Aflatoxin management in the groundnut value chain

An aflatoxin success story in Andhra Pradesh in India

Aflatoxin-contaminated groundnut kernels

By – Dr Mukti Sudan Basu

The presence of aflatoxin in food is recognized as one of the biggest threats to access to safe food and ultimately affecting food exports. Aflatoxin, a secondary metabolite of Aspergillus flavus and A. parasiticus, is highly carcinogenic. Crops such as groundnut, maize, millets, chili, and many others are easily contaminated by aflatoxin.

Aflatoxin contamination happens both at pre and post-harvest stages. Aflatoxin content in the fresh harvest in high-risk areas may go beyond 50 parts per billion (ppb) and moves up rapidly along with the length of storage (>100 ppb). The contamination has a severe impact on human health since aflatoxin is carcinogenic as well as immuno-suppressive in nature. In India, although the safe level of aflatoxin is kept at 30 ppb, the European standard is more stringent at two ppb, whereas it varies between 5 to 15 ppb in most of the developed countries.

Export challenges

According to reports, groundnut exports to EU countries from India have almost come to a halt due to aflatoxin contamination of groundnut and groundnut products. Though the volume of groundnut export has increased, these are confined to South-east Asian countries (76%) and mostly as bird-feed, in recent years. Paradoxically, India has the world’s largest area under groundnut cultivation and is the second-largest producer, next to China. Our exports are in stark contrast with countries such as Argentina, which export 73% of their produce to EU countries. The present situation is neither benefiting the country nor the farmers associated with its cultivation.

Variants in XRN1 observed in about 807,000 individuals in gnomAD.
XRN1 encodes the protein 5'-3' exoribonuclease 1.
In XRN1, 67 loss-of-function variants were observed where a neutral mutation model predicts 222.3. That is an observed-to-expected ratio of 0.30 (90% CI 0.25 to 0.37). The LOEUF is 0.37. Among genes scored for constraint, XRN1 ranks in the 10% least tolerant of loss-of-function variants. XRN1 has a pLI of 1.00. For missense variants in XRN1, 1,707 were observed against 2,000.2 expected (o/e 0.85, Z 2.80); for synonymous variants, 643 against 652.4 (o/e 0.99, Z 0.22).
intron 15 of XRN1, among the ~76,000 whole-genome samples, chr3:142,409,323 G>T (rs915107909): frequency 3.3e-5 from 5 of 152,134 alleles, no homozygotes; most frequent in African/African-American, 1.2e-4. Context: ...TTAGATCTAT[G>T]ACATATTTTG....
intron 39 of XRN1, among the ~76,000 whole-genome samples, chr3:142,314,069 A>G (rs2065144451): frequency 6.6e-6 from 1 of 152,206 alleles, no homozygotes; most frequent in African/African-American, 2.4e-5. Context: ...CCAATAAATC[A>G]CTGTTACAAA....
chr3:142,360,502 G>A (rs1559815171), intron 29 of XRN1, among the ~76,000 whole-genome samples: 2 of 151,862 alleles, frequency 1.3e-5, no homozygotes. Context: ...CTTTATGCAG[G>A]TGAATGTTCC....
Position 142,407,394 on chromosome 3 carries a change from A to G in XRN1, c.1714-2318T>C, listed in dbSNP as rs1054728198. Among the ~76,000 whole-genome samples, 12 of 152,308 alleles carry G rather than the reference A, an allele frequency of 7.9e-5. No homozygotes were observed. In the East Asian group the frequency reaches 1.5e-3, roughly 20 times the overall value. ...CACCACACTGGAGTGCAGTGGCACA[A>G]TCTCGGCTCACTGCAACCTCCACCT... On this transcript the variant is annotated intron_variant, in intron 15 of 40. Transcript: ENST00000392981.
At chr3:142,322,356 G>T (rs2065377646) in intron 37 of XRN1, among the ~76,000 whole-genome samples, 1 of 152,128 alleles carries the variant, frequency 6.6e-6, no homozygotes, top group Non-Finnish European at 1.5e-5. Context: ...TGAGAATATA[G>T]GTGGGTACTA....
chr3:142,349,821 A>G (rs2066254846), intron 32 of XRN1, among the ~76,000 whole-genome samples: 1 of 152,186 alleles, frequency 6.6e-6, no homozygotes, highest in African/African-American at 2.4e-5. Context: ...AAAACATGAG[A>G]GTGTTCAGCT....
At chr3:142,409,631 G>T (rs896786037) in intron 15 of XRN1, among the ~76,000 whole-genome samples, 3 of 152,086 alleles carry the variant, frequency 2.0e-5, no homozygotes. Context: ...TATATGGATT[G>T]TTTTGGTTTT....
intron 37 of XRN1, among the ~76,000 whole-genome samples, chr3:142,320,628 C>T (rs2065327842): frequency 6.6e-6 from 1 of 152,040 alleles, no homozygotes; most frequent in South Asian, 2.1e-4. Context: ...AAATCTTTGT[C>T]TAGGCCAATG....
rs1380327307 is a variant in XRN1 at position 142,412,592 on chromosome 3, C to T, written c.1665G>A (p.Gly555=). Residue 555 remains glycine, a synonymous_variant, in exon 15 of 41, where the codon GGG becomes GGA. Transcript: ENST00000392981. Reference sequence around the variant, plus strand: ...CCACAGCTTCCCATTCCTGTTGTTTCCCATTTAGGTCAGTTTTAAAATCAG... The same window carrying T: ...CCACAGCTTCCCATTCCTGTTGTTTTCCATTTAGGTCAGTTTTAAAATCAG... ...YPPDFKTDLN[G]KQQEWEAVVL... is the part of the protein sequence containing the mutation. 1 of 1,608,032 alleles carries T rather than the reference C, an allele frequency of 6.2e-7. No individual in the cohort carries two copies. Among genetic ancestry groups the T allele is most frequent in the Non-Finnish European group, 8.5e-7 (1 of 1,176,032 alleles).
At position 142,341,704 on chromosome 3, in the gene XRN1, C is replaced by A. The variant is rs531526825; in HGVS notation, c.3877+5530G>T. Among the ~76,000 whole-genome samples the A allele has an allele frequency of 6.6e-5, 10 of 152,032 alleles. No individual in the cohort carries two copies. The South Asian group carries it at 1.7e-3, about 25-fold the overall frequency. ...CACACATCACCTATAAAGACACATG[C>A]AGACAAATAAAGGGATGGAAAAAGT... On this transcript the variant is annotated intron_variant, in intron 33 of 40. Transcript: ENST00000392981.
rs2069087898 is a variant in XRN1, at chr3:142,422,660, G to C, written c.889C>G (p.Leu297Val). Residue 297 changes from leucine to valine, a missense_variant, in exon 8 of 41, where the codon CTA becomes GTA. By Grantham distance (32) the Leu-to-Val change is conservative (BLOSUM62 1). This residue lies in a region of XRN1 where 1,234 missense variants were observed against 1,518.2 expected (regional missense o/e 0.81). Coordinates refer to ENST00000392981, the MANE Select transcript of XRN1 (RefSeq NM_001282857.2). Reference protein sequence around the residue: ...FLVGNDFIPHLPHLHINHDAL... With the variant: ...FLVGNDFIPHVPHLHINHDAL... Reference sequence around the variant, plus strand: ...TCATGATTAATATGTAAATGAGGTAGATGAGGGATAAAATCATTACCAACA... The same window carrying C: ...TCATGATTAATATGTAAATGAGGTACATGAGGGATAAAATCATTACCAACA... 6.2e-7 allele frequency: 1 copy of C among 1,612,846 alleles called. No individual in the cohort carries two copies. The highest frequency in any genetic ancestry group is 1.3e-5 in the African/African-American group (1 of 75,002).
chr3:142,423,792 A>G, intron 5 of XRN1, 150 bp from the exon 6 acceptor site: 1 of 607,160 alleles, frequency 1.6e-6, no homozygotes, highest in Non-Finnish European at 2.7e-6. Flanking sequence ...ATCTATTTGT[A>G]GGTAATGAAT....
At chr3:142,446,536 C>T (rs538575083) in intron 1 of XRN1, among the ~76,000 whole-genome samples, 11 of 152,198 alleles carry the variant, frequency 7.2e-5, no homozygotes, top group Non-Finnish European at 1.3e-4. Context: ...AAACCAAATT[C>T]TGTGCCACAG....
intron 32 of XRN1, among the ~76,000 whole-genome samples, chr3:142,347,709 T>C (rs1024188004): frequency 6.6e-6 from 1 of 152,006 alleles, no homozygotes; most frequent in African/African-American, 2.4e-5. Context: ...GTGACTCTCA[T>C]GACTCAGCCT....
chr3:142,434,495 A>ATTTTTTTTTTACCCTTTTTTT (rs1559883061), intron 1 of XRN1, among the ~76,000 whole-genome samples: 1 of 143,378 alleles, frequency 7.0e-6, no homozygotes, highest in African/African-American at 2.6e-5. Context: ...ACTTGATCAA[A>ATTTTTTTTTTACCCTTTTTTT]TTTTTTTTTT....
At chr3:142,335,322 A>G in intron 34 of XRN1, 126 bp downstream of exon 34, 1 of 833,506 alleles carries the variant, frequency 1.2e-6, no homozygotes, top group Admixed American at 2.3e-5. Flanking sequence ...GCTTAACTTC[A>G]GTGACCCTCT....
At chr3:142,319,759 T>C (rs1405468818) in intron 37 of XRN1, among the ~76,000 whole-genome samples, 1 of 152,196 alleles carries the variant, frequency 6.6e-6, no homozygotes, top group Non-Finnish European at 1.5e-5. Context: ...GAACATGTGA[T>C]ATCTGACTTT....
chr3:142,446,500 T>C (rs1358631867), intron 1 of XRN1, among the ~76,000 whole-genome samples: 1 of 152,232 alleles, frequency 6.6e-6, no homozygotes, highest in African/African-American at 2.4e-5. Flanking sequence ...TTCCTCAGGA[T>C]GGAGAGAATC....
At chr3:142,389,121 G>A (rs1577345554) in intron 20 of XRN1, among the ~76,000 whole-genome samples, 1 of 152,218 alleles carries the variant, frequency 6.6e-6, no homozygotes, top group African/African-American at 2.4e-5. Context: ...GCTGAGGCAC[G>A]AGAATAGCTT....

The only existing export of Indian groundnut to the West is to the USA, not raw in the form of kernel or grain, but as value-added products under confectionery categories. However, there are just a handful of significant export players in a big country like India! Of late, trouble started brewing, and there have been quite a few import alerts regarding Indian groundnut products arriving at US ports. These have adverse consequences, which may lead to a total ban on Indian products leading to considerable monetary losses and the loss of face for the exporting companies, and ultimately, the country.

Imported food products are subject to inspection by the Food and Drug Administration (FDA) at US ports of entry. The FDA may detain shipments of products if they do not fulfill US standards. The FDA maintains a list of import alerts to inform the FDA field staff, and the US public, that the agency has enough evidence to allow for Detention Without Physical Examination (DWPE) of products that appear to violate US laws and regulations. These violations could be related to the product, manufacturer, shipper, or other factors. When a product or firm is violative in meeting the criteria as indicated in an import alert, it will be added to the red list or removed from the green list of the alert.

Intervention in the value chain

Five villages in Anantapur district (Andhra Pradesh) were adopted under a special project supported by the United Nations Development Programme to address the aflatoxin issue. These villages were identified based on the severity of the problem. During the project, the critical factors responsible for aflatoxin contamination at farm and storage levels were identified. Moreover, by integrating a couple of key management factors at the pre- and post-harvest levels, it was possible to demonstrate negligible aflatoxin contamination (0 to 5 ppb) in these high-risk areas even after 3 to 6 months of ordinary storage at the household level. In 75% of the cases, the aflatoxin contamination levels were <15 ppb.

Dr Mukti Sudan Basu is managing director of SBSF consultancy. He is formerly, director of ICAR, Visiting Scientist ICRISAT, and UNIDO International Consultant on Aflatoxin in Africa. 


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